Albert Marquet (1875-1947)
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Albert Marquet (1875-1947)

Le cercle nautique, Marseille

Details
Albert Marquet (1875-1947)
Le cercle nautique, Marseille
signed 'marquet' (lower left)
oil on canvas
28 3/4 x 36 3/8 in. (73 x 92.3 cm.)
Painted in 1916
Provenance
Galerie Druet, Paris (no. 8634 & 10404).
Anonymous sale, Christie's, New York, 15 May 1997, lot 263.
Acquired at the above sale by the present owner.
Literature
Gazette des Beaux-Arts, vol. XXI, no. 81, Paris, March 1939 (illustrated on the cover).
Special notice

These lots have been imported from outside the EU for sale using a Temporary Import regime. Import VAT is payable (at 5%) on the Hammer price. VAT is also payable (at 20%) on the buyer’s Premium on a VAT inclusive basis. When a buyer of such a lot has registered an EU address but wishes to export the lot or complete the import into another EU country, he must advise Christie's immediately after the auction.

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Veronica Scarpati
Veronica Scarpati

Lot Essay

This work will be included in the critical catalogue of Albert Marquet's paintings being prepared by the Wildenstein Institute.


Marquet was born in 1875 in the great port city of Bordeaux. Although he left Bordeaux at fifteen-years-old in order to pursue his artistic career in Paris, the motif of the port, with its grand structures, play of light on water and bustling commerce, retained an enduring fascination for Marquet. In the years around 1910, as Marquet was just beginning to win an audience for his art, when he was not scouring the quais of Paris for a subject for a painting, he was often travelling around the ports of Europe and North Africa - Hamburg, Naples, Rotterdam, Le Havre, Algiers, Tunis - in search of a motif. During the years of the First World War, Marquet's contract with his dealer Eugène Druet enabled him to move to the south of France and the present work dates from one of the painting trips Marquet made to Marseilles at this time. Marquet's habit was to take a room in the Hotel Beauvau, from the windows of which one could get a broad view of the port.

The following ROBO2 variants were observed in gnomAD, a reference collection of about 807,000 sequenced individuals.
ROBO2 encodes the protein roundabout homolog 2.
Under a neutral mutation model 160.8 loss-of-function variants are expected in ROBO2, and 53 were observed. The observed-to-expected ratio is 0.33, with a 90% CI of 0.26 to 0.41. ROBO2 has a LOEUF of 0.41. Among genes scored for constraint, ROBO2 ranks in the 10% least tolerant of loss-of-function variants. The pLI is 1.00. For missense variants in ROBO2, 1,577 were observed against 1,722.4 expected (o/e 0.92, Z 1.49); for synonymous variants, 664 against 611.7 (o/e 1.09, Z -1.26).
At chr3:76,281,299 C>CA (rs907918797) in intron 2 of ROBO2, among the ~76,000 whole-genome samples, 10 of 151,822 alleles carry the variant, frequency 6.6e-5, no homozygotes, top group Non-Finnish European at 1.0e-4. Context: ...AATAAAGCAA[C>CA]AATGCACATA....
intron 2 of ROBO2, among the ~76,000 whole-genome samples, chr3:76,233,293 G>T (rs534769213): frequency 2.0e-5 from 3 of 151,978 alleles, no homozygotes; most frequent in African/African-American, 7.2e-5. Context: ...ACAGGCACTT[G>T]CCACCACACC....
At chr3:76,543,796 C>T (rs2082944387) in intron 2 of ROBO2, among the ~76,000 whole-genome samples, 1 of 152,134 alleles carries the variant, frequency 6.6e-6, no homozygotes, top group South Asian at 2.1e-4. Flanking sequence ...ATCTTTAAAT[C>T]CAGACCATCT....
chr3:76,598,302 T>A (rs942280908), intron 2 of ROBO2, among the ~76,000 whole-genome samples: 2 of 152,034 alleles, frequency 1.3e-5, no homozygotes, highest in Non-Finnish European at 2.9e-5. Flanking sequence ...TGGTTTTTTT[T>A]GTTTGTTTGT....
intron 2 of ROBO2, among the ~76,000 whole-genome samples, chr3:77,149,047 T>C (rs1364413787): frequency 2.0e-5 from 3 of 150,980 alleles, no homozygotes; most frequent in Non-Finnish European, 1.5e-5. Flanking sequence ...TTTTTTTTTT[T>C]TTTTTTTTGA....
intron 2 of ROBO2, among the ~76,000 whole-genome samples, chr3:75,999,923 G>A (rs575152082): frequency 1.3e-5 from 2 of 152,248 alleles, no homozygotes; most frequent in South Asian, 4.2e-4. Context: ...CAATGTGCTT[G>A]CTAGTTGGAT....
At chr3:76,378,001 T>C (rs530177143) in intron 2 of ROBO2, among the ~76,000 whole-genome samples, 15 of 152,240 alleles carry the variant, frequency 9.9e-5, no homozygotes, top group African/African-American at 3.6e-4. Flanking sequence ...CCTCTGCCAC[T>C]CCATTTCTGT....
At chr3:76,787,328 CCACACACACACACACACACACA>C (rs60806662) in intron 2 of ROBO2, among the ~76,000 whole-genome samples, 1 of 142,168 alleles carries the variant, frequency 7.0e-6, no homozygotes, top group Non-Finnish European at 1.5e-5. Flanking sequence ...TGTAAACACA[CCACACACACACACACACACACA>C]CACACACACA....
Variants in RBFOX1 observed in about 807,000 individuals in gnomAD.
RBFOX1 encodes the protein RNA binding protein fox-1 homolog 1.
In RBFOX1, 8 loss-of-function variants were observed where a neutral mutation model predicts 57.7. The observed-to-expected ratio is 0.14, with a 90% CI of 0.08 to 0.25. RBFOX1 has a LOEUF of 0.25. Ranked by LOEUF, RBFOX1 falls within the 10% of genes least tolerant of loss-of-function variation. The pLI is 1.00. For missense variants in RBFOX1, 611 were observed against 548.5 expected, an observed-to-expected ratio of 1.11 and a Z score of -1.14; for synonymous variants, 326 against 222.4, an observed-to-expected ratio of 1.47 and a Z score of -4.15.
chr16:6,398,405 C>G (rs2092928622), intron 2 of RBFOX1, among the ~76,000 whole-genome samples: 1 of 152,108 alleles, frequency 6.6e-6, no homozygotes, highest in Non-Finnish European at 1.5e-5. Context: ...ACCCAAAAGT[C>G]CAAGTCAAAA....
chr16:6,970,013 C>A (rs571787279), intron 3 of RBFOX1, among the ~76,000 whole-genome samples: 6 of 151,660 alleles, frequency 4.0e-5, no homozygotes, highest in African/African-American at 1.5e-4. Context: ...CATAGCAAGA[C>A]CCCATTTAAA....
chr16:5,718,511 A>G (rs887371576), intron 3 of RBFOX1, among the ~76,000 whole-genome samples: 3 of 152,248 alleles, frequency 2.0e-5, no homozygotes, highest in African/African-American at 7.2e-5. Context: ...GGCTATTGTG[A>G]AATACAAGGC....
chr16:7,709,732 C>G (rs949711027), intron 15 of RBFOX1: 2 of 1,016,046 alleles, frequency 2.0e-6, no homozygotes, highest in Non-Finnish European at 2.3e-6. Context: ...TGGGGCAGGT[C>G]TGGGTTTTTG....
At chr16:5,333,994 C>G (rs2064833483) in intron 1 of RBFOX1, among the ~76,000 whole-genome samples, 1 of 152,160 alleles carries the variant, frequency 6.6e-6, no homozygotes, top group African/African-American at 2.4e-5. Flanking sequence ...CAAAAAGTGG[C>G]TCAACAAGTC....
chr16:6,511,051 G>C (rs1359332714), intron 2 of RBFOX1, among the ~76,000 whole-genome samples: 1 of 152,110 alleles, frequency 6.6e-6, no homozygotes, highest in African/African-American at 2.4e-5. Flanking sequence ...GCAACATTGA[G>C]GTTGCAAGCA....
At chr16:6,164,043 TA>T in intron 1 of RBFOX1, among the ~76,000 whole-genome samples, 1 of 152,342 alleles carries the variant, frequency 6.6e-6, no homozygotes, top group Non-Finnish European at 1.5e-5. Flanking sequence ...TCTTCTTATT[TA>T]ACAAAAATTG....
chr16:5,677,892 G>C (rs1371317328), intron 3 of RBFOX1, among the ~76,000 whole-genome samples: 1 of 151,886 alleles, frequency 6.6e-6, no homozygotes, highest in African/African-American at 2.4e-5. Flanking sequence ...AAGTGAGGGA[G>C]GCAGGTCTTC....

The present lot is replete with the busy human incident that Marquet often sought out in his port pictures. With its play of vertical and horizontal axes, it also offers up the careful geometry that informs much of Marquet's output. However, it is above all the glowing light that we encounter in the present lot which reaches deepest into the essence of Marquet's art. Writing in 1913, Marcel Sembat, a member of the French parliament and early supporter of Picasso in his Cubist experiments, commented: 'No artist has the same relationship with light as Marquet. It is as if he owned it. He possesses the secret of a pure and intense light which fills all the sky with its uniform and colourless glow... Luminous as daylight itself and so transparent that a painting by Marquet gives the impression of a large window being opened onto the outside' (quoted in exh. cat., Marquet, New York, 1985, p. 6).

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